The data processing apparatus 20 of FIG. 1 is configured to perform methods as illustrated and/or described in the following.

A process of determining clinically relevant quantities from 3D fields determined from 2D measurements is illustrated in FIG. 2.

In step 202, measurements of one or more vector or tensor valued fields projected onto one or more 2D acquisition planes through a target are obtained by medical imaging measurements, such as measurements using the scanner 24. As noted above, the scanner 24 could be, for example, a 2D Doppler ultrasound scanner or a phase-contrast MRI scanner, amongst others. Often such 2D measurements can be collected quickly and/or with less computational resource, relative to directly collecting 3D measurements. In an example, the measurements comprise velocity measurements such as velocity of fluid flowing in a vessel, but are not limited to this.

A solution ansatz, that comprises and utilizes a model, is initialized to determine a superset of 3D data fields (which may be scalar, vector, or tensor) from the observations. In examples, the 3D fields may be representative of pressure and velocity, but other properties could be determined. In this example, the solution ansatz is a neural network (i.e. the model is in the form of a neural network) and the following description refers to a neural network but other forms of solution ansatz could be used and could be substituted or interchanged with the neural network in the following description.

The neural network is a physics-informed neural network that is trained (e.g. by the model training circuitry 34 shown in FIG. 1) by minimising differences between the predictions of the neural network and the measurements of the one or more vector or tensor valued fields projected onto one or more 2D acquisition planes through the target. For example, once the neural network makes a prediction of a 3D data field comprising a property (e.g. velocity) whose projection on the 2D acquisition plane is measured, then the components of the 3D data field that are out of the 2D acquisition plane can be determined and subtracted from the 3D data field predicted using the neural network to obtain a predicted projection on the 2D acquisition plane. The neural network is trained by optimised parameters of the neural network by minimising this difference between the predicted and measured projections onto the one or more 2D acquisition planes using suitable techniques, such as minimising an error or cost function. However, although the above is given as a particularly beneficial and convenient example, other neural network optimization techniques could be used.

The training of the neural network optionally comprises using boundary conditions. At step 204, if there is any prior knowledge of the target, for example of the geometry or segmentation of the target, then this can be used to set boundary conditions for training the neural network, step 206. If prior knowledge of the system is not available, then the solution ansatz (e.g. neural network) can be trained without boundary conditions, step 208. In an example, the prior knowledge can be obtained using another imaging technique, such as B-mode (i.e. brightness mode) ultrasound imaging, which can be used to identify physical boundaries, such as vessel boundaries, that are then used to set the boundary conditions in the training of the neural network. The measurements of the one or more vector or tensor valued fields projected onto the one or more 2D acquisition planes through the target can be obtained using a different technique or modality, such as 2D Doppler ultrasound measurements, to the technique or modality used to determine the boundaries (e.g. B-mode ultrasound imaging).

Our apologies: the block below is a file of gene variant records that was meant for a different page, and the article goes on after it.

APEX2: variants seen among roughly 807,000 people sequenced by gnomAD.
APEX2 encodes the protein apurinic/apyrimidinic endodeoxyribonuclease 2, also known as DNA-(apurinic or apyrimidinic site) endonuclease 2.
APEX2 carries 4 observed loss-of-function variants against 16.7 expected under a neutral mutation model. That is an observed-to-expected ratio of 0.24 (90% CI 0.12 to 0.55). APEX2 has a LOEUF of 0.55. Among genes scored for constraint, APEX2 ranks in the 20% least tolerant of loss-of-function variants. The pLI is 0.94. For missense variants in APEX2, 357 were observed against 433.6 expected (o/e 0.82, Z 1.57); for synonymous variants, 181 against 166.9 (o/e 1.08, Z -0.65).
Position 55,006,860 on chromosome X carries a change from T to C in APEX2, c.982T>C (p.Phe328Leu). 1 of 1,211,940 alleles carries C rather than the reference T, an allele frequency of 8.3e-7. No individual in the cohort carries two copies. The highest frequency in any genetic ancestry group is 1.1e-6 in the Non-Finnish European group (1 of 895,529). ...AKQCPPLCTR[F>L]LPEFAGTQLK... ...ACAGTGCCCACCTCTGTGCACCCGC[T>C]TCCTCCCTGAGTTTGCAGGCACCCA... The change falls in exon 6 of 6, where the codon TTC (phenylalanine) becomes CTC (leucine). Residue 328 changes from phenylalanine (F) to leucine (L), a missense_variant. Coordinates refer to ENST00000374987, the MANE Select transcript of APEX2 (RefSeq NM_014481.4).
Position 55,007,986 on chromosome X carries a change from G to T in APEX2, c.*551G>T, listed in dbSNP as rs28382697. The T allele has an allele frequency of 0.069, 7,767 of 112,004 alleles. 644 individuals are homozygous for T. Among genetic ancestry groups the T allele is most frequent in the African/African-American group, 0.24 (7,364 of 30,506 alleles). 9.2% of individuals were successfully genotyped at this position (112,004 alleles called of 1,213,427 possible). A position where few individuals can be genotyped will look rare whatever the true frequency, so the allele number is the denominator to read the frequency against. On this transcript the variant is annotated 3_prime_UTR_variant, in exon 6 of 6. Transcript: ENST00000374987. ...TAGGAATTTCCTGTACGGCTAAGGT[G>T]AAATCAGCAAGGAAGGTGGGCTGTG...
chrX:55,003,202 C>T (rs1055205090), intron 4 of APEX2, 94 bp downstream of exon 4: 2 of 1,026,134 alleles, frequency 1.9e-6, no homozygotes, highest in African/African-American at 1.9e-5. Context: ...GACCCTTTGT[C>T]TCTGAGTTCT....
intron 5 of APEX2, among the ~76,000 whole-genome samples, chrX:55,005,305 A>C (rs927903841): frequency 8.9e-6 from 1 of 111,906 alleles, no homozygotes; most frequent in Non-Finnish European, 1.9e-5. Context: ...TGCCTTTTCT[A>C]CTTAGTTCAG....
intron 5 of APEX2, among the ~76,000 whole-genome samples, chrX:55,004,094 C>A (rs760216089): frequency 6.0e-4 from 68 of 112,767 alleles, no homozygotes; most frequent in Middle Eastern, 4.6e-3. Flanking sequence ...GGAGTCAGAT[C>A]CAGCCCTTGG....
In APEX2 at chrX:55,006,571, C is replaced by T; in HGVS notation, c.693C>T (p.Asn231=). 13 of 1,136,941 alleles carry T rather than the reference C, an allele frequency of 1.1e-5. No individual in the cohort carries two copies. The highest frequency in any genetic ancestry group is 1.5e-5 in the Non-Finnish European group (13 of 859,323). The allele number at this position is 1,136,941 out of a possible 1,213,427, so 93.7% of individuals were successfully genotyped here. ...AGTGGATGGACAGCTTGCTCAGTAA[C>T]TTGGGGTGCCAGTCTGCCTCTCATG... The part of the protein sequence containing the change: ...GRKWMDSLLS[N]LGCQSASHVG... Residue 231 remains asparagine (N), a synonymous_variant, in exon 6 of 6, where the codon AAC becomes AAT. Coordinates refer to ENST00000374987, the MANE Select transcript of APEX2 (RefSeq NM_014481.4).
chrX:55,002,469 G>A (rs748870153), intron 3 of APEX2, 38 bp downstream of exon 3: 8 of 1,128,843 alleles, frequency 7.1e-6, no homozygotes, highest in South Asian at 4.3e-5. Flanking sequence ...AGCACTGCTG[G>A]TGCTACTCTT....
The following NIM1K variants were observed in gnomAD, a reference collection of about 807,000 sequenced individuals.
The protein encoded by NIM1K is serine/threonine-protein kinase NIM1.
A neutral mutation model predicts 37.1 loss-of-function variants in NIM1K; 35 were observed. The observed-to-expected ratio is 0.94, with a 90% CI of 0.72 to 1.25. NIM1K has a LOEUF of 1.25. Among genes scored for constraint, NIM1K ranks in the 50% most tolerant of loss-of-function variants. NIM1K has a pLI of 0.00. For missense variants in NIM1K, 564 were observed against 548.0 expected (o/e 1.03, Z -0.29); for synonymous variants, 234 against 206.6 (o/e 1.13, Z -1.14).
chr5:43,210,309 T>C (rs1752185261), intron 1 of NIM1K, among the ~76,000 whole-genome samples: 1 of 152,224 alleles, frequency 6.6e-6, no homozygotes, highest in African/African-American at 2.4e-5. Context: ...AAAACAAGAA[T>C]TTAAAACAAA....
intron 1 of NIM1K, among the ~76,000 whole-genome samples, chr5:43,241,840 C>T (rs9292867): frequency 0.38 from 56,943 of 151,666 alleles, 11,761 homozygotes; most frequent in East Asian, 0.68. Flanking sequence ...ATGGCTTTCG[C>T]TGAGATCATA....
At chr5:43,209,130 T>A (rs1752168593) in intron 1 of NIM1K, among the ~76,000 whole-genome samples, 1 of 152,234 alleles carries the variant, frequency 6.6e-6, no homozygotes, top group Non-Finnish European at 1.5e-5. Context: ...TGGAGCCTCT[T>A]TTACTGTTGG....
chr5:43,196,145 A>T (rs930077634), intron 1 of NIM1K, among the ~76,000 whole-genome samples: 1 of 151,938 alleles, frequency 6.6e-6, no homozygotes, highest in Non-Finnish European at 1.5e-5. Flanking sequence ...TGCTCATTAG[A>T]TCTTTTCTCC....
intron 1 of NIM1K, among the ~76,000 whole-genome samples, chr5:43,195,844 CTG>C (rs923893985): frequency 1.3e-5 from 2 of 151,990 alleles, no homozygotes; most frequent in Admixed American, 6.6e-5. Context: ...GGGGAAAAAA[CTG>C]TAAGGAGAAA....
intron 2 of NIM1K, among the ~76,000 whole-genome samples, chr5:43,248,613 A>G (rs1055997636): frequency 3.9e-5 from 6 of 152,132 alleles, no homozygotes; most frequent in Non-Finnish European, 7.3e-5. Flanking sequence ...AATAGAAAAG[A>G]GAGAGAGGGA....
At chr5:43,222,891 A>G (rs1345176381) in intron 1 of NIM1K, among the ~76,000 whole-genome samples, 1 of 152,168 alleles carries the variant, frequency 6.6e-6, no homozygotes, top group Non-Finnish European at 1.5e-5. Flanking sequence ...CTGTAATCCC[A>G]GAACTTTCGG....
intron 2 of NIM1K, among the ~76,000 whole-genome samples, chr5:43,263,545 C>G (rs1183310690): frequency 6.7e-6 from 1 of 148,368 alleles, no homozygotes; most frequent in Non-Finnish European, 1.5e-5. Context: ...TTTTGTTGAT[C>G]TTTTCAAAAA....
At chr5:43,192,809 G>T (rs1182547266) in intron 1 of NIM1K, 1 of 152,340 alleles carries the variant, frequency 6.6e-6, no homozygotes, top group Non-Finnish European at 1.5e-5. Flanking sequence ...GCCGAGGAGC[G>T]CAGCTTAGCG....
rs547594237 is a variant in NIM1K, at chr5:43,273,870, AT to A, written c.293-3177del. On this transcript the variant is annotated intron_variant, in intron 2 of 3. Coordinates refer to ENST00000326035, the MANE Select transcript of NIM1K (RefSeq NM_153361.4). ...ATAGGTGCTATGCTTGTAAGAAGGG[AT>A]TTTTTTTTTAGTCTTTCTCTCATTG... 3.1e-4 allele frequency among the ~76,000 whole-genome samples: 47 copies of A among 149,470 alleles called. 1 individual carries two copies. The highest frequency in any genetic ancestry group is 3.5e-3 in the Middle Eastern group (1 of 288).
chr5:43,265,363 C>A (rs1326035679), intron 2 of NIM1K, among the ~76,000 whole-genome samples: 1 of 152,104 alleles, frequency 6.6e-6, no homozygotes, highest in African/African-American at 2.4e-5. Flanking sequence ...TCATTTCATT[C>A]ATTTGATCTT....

As noted above, the solution neural network is a physics informed neural network that is constrained by equations representative of a physical model that describes the physical properties of the target or an underlying physical process occurring at the target. However, as noted above, whilst a physics informed neural network is particularly beneficial and convenient, another type of physics informed solution ansatz could be used. The equations representative of the physical model used to constrain the neural network can comprise partial differential equations.

In one possible but not exhaustive example, the solution neural network is constrained to obey the equations representative of the physical model (e.g. in the form of one or more differential equation or partial differential equations) using an additional loss function that is representative of a degree by which the output of the neural network disobeys the equations representative of the physical model. This additional loss function can be constructed, for example, by combining derivatives of the neural network in such a way that they will sum to zero if the solution obeys the governing equations representative of the physical model. However, as noted above, this approach is not exhaustive and alternative approaches for implementing the constraints based on physical properties or underlying physical process at the target may be evident to a skilled person based on the teaching in this specification.

In examples, the underlying physical process is fluid flow, such as arterial blood flow. For measuring properties of fluid flow, the Navier-Stokes equations or a reduced order approximation to the Navier-Stokes equations could be used to constrain the training of the neural network. The Navier-Stokes equations are a series of partial differential equations that describe the motion of viscous substances, such as blood or oil. The solution of the Navier-Stokes equations is a vector field representing flow velocity, accompanied by equations of state that relate properties such as pressure, temperature and density. Other physical properties such as pressure and temperature can be determined from the flow velocity vector field.